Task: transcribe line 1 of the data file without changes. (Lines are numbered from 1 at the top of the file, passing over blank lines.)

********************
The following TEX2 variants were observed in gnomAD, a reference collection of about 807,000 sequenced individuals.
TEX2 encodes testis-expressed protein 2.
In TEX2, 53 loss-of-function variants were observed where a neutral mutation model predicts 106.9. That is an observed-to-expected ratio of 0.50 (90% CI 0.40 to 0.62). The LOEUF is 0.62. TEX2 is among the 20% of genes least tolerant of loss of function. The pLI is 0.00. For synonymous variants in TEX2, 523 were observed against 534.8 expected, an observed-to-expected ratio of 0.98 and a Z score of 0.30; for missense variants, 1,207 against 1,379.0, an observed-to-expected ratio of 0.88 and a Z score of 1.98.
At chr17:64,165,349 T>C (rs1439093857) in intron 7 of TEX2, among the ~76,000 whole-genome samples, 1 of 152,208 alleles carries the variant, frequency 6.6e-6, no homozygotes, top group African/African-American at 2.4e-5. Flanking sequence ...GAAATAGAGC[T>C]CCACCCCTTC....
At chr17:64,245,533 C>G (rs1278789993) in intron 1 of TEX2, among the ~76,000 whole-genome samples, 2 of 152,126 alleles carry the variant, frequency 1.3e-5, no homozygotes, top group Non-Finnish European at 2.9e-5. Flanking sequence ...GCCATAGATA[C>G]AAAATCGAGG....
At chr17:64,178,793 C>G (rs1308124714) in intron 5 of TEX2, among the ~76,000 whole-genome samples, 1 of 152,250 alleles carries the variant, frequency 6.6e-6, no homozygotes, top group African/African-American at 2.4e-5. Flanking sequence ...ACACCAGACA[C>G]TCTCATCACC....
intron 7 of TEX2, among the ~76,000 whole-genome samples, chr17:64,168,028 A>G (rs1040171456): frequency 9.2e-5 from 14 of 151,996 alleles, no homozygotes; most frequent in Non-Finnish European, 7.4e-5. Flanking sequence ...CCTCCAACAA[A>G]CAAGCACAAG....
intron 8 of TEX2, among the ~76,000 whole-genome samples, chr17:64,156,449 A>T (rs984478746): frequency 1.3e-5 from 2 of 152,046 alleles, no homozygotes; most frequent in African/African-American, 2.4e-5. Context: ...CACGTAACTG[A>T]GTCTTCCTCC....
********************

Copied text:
The following TEX2 variants were observed in gnomAD, a reference collection of about 807,000 sequenced individuals.